The present study was conducted based on the assumption that immersive VR simulations trigger naturalistic risk behavior and are therefore suitable and ecologically valid assessment tools (de-Juan-Ripoll et al., 2018). This is particularly relevant for simulator-based hazard perception tests, as they are intended to measure an important skill for safe driving. We compared the driving behavior of experienced and inexperienced drivers, who each completed six simulated scenarios, each of which ended with a dangerous situation. Different display devices were used to present the simulation: half of the participants saw the traffic environment on triple-monitor set-up in a semicircle, whereas the others wore HMDs. Driving behavior and indicators of presence and simulator sickness were measured.

All driving scenarios were designed to end with a potentially hazardous situation that could be predicted due to precursors appearing approximately 50 m before the actual hazard area. Therefore, our first hypothesis was that participants would recognize these precursors and slow down as they approached the hazard. This hypothesis was confirmed by the data, which showed a clear gradual decrease of average speed for all six scenarios. This implies that, in general, the chosen scenarios and their implementation in the simulator were successful in that they included early detectable cues and therefore predictable hazards, which is the basis for good hazard perception tasks that discriminate between safe and unsafe drivers (Crundall et al., 2012).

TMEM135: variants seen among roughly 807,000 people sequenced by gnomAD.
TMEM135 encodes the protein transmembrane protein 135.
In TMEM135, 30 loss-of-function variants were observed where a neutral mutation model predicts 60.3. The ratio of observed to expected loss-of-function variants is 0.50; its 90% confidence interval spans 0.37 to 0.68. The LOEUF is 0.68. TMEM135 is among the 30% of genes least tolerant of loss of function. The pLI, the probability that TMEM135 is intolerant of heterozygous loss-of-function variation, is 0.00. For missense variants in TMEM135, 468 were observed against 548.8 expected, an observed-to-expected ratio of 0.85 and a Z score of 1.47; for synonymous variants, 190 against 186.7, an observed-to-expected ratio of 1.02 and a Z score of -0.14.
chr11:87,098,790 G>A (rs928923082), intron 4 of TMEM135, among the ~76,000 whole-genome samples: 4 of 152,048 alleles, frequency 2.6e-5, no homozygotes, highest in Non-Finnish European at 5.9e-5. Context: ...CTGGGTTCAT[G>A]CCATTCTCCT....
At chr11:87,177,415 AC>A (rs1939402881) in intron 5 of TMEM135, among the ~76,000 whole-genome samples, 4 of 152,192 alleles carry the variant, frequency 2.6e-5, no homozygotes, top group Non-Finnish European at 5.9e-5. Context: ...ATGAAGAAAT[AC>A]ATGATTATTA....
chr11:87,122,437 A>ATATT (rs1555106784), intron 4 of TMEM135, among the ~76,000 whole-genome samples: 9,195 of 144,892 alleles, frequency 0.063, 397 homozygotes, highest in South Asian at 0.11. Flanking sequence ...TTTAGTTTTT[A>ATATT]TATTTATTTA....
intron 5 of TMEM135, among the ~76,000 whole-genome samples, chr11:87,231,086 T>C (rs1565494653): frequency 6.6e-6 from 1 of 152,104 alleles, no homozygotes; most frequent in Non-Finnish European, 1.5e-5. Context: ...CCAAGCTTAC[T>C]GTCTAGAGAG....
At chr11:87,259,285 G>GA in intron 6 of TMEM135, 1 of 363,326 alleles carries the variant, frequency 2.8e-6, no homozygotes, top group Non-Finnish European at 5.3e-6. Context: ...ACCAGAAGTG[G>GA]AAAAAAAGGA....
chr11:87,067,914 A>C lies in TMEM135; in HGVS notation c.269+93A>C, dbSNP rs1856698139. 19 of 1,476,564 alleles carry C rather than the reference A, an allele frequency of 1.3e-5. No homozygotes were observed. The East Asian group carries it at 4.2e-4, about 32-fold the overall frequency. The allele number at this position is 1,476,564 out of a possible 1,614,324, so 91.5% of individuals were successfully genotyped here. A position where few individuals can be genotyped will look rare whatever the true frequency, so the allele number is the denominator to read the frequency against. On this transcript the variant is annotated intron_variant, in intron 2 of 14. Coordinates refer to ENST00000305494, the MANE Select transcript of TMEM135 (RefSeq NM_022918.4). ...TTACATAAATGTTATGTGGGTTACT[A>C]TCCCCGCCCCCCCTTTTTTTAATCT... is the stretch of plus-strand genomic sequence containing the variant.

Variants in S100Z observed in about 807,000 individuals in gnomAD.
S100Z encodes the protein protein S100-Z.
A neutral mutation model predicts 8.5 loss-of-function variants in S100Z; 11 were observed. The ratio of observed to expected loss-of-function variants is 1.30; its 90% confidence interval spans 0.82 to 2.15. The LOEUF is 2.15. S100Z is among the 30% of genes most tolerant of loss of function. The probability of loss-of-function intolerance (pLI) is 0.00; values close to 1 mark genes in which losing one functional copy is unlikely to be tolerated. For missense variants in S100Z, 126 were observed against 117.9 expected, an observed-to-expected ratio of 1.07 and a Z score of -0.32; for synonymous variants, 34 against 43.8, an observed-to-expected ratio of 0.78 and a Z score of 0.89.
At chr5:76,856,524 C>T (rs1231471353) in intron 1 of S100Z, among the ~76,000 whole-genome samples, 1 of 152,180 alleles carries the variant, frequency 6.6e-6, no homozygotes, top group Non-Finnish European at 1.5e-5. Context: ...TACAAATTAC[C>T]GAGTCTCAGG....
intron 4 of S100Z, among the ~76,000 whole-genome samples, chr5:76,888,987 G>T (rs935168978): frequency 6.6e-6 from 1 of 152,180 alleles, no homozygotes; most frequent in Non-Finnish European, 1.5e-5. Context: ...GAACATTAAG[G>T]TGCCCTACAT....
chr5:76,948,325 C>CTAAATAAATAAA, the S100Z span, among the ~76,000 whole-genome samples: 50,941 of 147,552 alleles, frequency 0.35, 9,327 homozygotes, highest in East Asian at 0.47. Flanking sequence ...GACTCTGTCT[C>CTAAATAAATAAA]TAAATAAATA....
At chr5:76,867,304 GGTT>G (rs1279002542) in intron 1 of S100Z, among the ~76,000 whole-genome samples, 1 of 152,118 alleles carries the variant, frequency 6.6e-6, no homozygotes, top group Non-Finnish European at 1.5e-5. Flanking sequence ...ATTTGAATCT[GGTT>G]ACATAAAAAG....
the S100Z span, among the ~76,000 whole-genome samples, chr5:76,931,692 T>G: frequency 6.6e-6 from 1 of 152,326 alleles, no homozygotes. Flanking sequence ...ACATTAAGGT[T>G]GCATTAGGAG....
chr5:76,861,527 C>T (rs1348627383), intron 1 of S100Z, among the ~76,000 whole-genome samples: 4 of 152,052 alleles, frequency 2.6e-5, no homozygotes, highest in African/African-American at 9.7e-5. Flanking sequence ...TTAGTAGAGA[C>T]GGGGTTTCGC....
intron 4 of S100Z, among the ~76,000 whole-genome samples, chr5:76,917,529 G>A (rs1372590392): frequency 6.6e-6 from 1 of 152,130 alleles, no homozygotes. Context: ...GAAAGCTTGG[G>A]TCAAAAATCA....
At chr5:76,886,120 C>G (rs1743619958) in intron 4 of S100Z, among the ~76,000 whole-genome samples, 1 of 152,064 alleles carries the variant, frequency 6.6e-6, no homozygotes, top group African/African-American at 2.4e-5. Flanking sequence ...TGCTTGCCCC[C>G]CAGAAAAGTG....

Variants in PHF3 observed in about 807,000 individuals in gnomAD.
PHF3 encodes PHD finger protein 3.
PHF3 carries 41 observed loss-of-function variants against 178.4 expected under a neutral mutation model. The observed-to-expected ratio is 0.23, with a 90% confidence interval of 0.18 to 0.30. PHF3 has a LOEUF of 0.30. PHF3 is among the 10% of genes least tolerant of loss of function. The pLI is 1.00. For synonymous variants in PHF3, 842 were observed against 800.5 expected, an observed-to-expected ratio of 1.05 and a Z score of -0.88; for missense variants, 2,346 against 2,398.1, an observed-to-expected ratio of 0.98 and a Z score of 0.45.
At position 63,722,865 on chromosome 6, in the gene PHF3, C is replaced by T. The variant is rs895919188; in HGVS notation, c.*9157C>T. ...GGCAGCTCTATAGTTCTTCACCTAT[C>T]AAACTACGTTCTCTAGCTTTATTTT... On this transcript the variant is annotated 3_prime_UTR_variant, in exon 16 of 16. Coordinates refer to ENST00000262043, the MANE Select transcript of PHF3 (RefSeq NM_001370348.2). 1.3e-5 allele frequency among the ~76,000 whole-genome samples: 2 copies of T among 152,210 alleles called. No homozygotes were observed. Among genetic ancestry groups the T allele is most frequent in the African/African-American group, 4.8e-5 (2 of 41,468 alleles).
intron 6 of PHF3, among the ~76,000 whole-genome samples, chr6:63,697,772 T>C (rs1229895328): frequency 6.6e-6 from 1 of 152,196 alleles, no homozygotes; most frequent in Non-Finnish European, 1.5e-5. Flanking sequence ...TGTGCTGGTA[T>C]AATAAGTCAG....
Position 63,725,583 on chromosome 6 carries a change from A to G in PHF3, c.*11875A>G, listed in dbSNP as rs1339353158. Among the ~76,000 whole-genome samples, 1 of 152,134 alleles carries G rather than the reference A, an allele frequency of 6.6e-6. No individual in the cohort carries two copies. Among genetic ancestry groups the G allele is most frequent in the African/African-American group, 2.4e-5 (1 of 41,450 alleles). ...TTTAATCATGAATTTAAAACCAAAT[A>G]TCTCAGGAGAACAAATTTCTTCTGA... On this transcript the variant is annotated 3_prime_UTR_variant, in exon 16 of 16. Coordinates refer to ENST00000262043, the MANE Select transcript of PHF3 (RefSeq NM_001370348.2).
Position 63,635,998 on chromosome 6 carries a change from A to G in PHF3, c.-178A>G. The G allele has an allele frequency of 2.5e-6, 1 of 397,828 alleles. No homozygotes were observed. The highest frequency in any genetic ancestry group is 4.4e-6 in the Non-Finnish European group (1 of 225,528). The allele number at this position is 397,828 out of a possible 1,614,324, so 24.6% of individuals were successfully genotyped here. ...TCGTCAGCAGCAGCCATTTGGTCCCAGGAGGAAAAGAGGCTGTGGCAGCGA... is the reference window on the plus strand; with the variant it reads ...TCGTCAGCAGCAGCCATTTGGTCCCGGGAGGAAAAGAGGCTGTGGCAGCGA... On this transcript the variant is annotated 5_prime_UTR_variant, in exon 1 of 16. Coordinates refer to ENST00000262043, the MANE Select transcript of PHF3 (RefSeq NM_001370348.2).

The second hypothesis was concerned with the impact of the factor driving experience. Underwood et al. (2011) pointed out that the ability to differentiate among drivers with different levels of driving experience can serve as an indicator of simulator validity. Moreover, research in the domain of hazard perception has revealed that experienced drivers usually outperform novice drivers in hazard perception tasks, regardless of whether photos, videos, or driving simulations were used (e.g., Crundall et al., 2012; Malone and Brünken, 2016). The results of the present study did not confirm this hypothesis, as the experienced drivers did not reduce their velocity earlier than inexperienced drivers when approaching a hazard area, nor were they involved in fewer accidents during the simulation. These results demonstrate that either the chosen scenarios or the applied measures could not differentiate between the two driver groups. Therefore, these tasks cannot be assumed to be valid measurements of hazard perception. There are several reasons that may explain why the study could not replicate the results of previous research. First, the expert groups were not very different in terms of their driving experience. It is possible that many of the participants classified as inexperienced in the present study had already reached the stable safe driving level of experienced drivers. Furthermore, the scenarios were not intended for simulator-based hazard perception measurement but were derived from a video-based hazard perception test (Malone and Brünken, 2019). In the study by Malone and Brünken, the differences between experts and novices were revealed in the early detection of dangerous situations, which was indicated by a button press. It is possible that the experienced drivers in the current study discovered the potential hazards earlier than the inexperienced drivers, but that it was not necessary to take countermeasures at this point. By the time an actual speed adjustment was necessary, the inexperienced drivers may also have identified the hazard area. Future research could use eye-tracking to test the latter assumption.